This post was last updated on September 5th, 2011 at 11:04 am
I’ve been on a bit of a Clay Shirky kick for the past couple of months. I’m about half way through “Here Comes Everybody“, been reading his blog, watched a nice video of a recent lecture and trying to synthesize his ideas.
The older concept that struck me in a new way is the fact that while many understand the significant shift in society that is just beginning, many see it as a fad, including educators. Shirky, interviewed by a TV producer about a possible guest appearance defends the producers claim that all this social media was a fad.
I was arguing that this isn’t the sort of thing society grows out of. It’s the sort of thing that society grows into. But I’m not sure she believed me, in part because she didn’t want to believe me, but also in part because I didn’t have the right story yet. And now I do.
I was having dinner with a group of friends about a month ago, and one of them was talking about sitting with his four-year-old daughter watching a DVD. And in the middle of the movie, apropos nothing, she jumps up off the couch and runs around behind the screen. That seems like a cute moment. Maybe she’s going back there to see if Dora is really back there or whatever. But that wasn’t what she was doing. She started rooting around in the cables. And her dad said, “What you doing?” And she stuck her head out from behind the screen and said, “Looking for the mouse.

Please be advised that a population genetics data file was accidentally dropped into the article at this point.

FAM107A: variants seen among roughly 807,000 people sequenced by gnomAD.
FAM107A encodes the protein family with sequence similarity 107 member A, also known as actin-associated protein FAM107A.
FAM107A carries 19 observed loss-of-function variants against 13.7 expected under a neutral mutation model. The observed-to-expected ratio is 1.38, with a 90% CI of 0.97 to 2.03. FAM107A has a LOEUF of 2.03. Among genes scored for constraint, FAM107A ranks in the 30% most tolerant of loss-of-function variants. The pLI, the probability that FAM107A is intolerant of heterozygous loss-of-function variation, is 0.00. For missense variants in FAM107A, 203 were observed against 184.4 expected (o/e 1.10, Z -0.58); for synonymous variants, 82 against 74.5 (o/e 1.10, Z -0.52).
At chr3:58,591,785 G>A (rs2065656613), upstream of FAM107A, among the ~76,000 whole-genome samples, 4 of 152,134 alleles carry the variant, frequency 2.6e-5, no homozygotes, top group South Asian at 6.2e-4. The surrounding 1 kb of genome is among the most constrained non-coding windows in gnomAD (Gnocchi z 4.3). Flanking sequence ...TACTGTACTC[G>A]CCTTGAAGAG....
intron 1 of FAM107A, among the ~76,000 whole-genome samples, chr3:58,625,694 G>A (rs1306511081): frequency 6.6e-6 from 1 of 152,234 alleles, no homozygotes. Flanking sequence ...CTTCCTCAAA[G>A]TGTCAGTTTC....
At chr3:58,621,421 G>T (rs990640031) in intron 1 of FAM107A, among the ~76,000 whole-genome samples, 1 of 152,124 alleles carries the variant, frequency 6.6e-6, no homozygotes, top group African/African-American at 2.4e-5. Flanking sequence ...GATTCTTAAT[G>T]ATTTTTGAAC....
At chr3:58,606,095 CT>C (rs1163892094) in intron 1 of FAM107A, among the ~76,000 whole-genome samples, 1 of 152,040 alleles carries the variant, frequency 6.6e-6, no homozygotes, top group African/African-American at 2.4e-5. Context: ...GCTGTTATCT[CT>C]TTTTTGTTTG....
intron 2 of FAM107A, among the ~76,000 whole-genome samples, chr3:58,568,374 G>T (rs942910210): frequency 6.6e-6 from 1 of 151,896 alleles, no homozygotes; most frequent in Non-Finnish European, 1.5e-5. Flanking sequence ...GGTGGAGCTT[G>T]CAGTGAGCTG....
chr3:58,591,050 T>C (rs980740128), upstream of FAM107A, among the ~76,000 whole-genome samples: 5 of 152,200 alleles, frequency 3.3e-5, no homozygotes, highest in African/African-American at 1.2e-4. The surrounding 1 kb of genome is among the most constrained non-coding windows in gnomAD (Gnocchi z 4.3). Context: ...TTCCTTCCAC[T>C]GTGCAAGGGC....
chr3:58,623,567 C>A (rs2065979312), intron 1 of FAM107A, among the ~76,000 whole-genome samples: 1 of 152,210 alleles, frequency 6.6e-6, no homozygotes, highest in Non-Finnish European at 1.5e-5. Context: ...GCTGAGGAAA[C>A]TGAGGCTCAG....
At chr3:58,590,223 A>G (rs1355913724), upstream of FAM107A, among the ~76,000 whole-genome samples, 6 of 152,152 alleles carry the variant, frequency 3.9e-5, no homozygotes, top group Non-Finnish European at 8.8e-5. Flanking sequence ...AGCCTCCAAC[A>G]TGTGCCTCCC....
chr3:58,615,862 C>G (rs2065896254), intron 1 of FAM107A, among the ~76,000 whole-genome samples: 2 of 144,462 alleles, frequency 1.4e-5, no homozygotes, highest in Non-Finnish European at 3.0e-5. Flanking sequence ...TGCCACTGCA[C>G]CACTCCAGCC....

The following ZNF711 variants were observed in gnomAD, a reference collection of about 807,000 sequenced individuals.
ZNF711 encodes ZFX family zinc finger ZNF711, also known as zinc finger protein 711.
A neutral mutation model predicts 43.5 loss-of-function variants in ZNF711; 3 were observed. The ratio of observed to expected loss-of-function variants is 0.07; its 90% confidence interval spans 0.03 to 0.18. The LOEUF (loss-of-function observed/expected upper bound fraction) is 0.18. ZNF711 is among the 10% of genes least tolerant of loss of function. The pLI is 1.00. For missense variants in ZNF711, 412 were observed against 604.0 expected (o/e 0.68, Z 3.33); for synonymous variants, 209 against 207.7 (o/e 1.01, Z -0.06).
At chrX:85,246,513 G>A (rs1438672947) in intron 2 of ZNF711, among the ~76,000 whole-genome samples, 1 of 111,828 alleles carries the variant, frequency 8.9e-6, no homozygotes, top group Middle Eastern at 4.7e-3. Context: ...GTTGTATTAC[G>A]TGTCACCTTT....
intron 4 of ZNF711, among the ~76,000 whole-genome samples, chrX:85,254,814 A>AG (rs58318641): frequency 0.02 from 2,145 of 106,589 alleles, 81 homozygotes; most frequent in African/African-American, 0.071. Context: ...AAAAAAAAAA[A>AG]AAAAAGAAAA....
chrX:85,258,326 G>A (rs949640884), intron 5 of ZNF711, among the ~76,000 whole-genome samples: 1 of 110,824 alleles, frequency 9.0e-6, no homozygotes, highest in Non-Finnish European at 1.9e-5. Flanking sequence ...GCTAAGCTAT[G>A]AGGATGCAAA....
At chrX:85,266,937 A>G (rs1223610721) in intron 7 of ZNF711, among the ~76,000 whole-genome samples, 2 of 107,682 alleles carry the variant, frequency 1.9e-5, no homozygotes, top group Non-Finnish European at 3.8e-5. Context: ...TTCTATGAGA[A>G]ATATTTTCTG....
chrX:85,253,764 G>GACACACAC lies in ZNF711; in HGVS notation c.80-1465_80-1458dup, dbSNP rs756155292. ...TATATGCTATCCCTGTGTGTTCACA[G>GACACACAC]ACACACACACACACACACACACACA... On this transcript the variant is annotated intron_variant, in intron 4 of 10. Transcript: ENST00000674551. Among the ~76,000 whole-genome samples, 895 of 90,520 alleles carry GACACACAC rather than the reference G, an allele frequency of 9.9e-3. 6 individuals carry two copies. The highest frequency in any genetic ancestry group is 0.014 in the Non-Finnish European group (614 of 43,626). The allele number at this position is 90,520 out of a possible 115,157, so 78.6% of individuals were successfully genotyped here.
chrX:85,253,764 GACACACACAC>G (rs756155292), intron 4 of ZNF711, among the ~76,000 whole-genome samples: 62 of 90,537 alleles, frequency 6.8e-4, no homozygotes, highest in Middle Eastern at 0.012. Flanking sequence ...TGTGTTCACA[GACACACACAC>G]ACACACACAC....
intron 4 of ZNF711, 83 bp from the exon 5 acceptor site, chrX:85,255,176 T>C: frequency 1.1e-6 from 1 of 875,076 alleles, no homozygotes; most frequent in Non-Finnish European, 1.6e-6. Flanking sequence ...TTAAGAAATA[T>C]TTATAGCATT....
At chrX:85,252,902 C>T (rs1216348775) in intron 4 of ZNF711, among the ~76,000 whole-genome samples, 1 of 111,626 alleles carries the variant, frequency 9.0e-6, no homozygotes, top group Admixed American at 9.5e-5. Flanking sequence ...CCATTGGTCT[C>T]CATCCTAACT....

Here’s something four-year-olds know: A screen that ships without a mouse ships broken. Here’s something four-year-olds know: Media that’s targeted at you but doesn’t include you may not be worth sitting still for. Those are things that make me believe that this is a one-way change. Because four year olds, the people who are soaking most deeply in the current environment, who won’t have to go through the trauma that I have to go through of trying to unlearn a childhood spent watching Gilligan’s Island, they just assume that media includes consuming, producing and sharing.
The shift is obviously more clearly demonstrated by our young people. Older generations continue to be more irritated by teens texting and gaming than they are interested in understanding that participation in social media is not a fad and it’s not all bad.
My brain is reeling with many concepts that include distribution of participation, one that suggests equality is not something that is required for social media to work. Many of these ideas fly in the face of today’s educational structures. We know that. What I like about Shirky’s approach as with any good writer is that stories are the key to the message. He builds the theory and depth out of the stories. We need to continue telling the new story. I’ve got my eyes and hears poised.
Image: Clay Shirky by Joi